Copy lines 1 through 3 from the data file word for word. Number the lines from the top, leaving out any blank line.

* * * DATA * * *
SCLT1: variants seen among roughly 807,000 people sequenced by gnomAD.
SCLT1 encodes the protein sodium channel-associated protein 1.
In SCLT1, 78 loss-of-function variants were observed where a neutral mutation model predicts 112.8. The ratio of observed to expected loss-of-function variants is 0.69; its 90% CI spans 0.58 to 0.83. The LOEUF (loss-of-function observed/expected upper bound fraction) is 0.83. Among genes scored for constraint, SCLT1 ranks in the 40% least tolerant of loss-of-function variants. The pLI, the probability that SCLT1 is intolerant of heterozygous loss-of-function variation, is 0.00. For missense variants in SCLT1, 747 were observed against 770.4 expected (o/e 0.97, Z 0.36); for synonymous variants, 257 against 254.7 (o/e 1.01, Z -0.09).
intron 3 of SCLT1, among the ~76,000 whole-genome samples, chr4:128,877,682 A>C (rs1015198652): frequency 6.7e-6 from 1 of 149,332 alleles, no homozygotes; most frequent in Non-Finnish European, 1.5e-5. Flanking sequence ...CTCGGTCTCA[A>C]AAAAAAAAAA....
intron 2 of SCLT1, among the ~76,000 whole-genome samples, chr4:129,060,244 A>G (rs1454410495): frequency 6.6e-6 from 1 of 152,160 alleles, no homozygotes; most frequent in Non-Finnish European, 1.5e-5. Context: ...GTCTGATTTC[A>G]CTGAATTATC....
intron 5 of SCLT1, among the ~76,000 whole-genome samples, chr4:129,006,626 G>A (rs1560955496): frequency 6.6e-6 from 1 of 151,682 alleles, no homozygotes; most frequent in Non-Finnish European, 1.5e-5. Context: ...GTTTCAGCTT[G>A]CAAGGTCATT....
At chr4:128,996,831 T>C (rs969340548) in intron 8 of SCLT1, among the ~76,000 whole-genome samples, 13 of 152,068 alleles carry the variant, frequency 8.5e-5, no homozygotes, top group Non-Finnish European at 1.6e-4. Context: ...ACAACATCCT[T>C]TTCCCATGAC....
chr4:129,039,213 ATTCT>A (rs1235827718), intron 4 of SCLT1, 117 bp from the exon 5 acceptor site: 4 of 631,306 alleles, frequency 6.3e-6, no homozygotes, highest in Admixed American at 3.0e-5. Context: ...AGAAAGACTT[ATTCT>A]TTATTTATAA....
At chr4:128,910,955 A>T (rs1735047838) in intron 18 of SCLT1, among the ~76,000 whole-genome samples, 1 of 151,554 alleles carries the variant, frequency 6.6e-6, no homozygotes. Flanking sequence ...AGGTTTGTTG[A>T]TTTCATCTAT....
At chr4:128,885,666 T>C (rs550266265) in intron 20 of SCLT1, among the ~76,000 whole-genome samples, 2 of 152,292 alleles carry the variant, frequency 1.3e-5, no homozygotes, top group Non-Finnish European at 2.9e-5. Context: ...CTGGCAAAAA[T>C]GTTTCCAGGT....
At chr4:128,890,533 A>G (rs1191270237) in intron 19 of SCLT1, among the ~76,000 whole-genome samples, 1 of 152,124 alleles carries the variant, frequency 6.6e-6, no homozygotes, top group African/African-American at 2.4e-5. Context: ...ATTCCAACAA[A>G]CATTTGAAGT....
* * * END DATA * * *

SCLT1: variants seen among roughly 807,000 people sequenced by gnomAD.
SCLT1 encodes the protein sodium channel-associated protein 1.
In SCLT1, 78 loss-of-function variants were observed where a neutral mutation model predicts 112.8. The ratio of observed to expected loss-of-function variants is 0.69; its 90% CI spans 0.58 to 0.83. The LOEUF (loss-of-function observed/expected upper bound fraction) is 0.83. Among genes scored for constraint, SCLT1 ranks in the 40% least tolerant of loss-of-function variants. The pLI, the probability that SCLT1 is intolerant of heterozygous loss-of-function variation, is 0.00. For missense variants in SCLT1, 747 were observed against 770.4 expected (o/e 0.97, Z 0.36); for synonymous variants, 257 against 254.7 (o/e 1.01, Z -0.09).